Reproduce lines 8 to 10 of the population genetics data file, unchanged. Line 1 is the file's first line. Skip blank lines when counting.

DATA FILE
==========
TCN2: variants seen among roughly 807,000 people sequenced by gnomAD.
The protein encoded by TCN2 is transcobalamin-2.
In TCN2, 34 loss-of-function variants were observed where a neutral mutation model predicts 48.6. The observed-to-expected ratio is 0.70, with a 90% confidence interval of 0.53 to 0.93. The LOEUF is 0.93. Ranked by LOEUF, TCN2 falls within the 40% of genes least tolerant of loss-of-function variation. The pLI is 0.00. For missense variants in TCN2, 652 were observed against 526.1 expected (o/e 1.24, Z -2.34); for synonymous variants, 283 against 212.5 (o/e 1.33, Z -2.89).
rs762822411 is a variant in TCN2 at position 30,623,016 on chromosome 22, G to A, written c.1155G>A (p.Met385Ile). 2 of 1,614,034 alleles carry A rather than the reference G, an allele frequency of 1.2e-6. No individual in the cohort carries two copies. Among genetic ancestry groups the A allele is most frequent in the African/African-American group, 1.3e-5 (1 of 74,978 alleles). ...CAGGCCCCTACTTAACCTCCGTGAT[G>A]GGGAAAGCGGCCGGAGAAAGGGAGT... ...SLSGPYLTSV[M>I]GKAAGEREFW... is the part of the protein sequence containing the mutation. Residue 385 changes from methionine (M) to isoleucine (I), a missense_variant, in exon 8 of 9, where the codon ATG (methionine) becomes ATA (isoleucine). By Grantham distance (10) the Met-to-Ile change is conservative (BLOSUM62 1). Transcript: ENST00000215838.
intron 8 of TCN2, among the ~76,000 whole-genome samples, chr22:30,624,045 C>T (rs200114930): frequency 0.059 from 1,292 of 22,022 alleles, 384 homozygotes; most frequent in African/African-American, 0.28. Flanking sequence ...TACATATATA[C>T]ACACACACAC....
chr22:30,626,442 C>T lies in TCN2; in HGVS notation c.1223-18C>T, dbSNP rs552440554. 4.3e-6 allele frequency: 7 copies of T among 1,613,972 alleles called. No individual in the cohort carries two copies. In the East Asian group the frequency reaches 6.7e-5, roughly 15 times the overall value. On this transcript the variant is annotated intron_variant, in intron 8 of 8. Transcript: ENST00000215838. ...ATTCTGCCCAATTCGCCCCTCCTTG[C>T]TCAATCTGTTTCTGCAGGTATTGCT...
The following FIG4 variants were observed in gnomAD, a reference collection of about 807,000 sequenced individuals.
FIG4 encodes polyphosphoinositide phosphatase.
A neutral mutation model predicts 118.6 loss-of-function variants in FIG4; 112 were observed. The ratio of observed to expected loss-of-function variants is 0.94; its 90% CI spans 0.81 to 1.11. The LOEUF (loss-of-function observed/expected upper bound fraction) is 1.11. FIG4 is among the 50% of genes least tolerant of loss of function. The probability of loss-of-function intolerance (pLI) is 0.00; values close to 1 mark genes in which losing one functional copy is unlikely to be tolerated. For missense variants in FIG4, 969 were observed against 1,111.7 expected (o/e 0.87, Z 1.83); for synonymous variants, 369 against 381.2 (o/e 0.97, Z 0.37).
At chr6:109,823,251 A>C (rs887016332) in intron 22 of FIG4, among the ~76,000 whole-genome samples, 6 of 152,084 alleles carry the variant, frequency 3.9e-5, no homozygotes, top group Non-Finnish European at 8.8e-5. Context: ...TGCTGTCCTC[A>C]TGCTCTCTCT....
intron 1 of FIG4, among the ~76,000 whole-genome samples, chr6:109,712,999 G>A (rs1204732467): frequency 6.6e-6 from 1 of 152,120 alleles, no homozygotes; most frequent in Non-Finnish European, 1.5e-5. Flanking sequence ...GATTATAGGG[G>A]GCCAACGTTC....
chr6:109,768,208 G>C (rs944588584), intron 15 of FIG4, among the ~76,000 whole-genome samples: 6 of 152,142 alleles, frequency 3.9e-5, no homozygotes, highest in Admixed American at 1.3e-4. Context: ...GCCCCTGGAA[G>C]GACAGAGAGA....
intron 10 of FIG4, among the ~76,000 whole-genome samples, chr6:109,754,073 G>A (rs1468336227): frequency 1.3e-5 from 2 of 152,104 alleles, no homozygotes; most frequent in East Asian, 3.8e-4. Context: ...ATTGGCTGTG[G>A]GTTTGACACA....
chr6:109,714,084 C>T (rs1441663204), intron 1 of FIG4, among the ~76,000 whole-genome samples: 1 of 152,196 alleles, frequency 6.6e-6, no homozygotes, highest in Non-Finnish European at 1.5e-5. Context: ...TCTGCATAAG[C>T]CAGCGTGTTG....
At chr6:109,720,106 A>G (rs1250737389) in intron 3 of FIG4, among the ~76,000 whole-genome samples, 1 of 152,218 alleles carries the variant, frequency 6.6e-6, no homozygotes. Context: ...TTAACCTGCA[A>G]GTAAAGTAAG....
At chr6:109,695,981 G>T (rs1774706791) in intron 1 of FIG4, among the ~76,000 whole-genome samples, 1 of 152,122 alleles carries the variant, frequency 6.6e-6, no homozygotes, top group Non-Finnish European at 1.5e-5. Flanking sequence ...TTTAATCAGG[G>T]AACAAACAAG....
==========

FIG4 encodes polyphosphoinositide phosphatase.
A neutral mutation model predicts 118.6 loss-of-function variants in FIG4; 112 were observed. The ratio of observed to expected loss-of-function variants is 0.94; its 90% CI spans 0.81 to 1.11. The LOEUF (loss-of-function observed/expected upper bound fraction) is 1.11. FIG4 is among the 50% of genes least tolerant of loss of function. The probability of loss-of-function intolerance (pLI) is 0.00; values close to 1 mark genes in which losing one functional copy is unlikely to be tolerated. For missense variants in FIG4, 969 were observed against 1,111.7 expected (o/e 0.87, Z 1.83); for synonymous variants, 369 against 381.2 (o/e 0.97, Z 0.37).
At chr6:109,823,251 A>C (rs887016332) in intron 22 of FIG4, among the ~76,000 whole-genome samples, 6 of 152,084 alleles carry the variant, frequency 3.9e-5, no homozygotes, top group Non-Finnish European at 8.8e-5. Context: ...TGCTGTCCTC[A>C]TGCTCTCTCT....